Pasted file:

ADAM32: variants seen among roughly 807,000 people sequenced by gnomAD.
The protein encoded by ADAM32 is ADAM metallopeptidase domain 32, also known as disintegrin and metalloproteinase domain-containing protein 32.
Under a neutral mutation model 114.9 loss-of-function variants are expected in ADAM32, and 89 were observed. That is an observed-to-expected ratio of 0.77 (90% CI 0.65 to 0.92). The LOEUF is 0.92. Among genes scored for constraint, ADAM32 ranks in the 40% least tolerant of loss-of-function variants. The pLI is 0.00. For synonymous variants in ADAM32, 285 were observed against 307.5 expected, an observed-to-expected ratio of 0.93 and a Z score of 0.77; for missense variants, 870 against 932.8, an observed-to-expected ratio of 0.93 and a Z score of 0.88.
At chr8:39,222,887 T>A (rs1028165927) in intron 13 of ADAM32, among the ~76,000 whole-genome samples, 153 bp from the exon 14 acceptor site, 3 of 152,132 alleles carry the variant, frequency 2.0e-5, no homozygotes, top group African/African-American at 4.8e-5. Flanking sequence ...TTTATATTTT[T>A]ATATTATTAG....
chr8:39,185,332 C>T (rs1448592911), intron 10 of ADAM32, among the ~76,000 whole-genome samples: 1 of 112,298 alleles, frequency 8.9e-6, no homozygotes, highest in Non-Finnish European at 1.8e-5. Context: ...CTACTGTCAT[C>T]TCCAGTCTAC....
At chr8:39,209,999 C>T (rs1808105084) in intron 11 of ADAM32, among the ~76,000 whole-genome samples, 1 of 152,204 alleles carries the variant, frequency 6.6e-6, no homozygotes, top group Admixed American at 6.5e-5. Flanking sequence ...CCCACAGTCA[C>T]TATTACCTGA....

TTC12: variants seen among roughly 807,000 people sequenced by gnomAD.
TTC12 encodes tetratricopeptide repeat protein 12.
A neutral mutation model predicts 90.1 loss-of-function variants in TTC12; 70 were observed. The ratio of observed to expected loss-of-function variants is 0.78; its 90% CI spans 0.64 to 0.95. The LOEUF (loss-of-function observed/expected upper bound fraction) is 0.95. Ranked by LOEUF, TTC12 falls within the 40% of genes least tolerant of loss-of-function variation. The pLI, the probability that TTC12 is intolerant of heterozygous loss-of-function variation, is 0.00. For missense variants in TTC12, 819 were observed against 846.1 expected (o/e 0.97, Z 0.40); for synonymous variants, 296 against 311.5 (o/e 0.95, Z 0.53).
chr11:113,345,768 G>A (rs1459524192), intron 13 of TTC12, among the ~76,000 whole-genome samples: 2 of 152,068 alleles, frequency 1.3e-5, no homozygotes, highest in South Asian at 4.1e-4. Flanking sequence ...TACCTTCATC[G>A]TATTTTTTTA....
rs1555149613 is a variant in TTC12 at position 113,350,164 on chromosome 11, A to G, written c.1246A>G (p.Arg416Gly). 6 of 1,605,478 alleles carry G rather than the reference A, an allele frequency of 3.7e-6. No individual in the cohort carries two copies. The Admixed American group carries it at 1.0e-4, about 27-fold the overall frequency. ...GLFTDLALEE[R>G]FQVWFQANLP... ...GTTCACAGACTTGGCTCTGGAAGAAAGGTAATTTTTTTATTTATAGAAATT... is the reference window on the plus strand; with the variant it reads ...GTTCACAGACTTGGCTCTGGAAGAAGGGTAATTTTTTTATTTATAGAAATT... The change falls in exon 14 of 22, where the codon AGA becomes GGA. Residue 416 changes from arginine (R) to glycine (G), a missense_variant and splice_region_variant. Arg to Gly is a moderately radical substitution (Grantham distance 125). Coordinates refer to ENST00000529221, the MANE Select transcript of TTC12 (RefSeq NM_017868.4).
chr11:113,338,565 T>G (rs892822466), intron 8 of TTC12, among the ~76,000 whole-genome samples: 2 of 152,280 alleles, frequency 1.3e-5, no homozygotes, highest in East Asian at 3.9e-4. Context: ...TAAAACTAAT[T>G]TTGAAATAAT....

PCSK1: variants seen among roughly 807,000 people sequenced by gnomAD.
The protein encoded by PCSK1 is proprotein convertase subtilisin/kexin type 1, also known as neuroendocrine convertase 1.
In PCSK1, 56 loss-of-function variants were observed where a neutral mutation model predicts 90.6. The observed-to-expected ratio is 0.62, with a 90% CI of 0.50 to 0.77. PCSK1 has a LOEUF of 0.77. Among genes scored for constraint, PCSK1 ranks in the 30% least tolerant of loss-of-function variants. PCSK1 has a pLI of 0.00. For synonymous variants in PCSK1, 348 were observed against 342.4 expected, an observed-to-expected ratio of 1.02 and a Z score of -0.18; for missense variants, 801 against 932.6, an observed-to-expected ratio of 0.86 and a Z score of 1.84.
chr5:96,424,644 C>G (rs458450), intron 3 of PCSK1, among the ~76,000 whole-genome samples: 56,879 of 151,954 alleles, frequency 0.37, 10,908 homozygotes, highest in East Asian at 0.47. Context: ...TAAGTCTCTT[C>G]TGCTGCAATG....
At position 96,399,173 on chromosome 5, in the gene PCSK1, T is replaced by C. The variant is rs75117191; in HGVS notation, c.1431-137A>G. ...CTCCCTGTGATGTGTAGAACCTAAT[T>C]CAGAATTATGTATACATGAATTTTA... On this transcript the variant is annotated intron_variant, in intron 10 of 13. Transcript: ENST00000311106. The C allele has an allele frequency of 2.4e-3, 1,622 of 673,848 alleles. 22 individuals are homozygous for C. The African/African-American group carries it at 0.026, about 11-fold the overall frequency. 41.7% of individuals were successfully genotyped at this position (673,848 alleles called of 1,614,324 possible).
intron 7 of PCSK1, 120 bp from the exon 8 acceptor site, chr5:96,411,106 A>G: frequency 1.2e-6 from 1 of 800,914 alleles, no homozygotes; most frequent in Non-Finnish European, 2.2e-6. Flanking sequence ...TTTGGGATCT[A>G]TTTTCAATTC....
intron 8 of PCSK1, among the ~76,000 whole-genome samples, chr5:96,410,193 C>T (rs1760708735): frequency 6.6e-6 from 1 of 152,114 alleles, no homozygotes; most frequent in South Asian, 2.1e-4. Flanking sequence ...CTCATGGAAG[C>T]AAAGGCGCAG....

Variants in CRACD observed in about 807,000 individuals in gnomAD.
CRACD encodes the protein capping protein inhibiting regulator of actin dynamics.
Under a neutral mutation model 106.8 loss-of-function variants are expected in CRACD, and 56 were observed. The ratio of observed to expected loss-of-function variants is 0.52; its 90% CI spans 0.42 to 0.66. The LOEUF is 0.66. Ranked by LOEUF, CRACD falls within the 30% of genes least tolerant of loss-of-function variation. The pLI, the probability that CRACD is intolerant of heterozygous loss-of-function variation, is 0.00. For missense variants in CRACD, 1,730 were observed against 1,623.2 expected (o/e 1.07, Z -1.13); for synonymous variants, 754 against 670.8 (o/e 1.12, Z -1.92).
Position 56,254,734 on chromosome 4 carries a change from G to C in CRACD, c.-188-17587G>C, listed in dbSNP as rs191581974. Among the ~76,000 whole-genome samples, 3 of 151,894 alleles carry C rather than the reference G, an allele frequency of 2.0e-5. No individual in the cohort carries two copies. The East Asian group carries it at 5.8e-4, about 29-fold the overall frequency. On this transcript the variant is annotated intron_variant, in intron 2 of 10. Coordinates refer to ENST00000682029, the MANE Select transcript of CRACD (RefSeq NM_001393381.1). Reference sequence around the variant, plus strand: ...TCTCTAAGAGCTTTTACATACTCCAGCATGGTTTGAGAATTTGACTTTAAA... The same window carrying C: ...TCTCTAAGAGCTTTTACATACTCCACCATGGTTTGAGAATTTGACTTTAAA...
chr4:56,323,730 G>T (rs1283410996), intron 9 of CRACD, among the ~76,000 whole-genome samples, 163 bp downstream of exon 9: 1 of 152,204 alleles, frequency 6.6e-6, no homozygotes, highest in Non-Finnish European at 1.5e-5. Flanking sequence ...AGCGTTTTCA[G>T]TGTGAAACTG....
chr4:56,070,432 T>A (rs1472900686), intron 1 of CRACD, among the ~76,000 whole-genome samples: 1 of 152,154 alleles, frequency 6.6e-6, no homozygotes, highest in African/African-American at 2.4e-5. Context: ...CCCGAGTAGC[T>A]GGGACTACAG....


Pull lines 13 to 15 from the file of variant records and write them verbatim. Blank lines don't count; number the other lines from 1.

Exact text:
PCSK1: variants seen among roughly 807,000 people sequenced by gnomAD.
The protein encoded by PCSK1 is proprotein convertase subtilisin/kexin type 1, also known as neuroendocrine convertase 1.
In PCSK1, 56 loss-of-function variants were observed where a neutral mutation model predicts 90.6. The observed-to-expected ratio is 0.62, with a 90% CI of 0.50 to 0.77. PCSK1 has a LOEUF of 0.77. Among genes scored for constraint, PCSK1 ranks in the 30% least tolerant of loss-of-function variants. PCSK1 has a pLI of 0.00. For synonymous variants in PCSK1, 348 were observed against 342.4 expected, an observed-to-expected ratio of 1.02 and a Z score of -0.18; for missense variants, 801 against 932.6, an observed-to-expected ratio of 0.86 and a Z score of 1.84.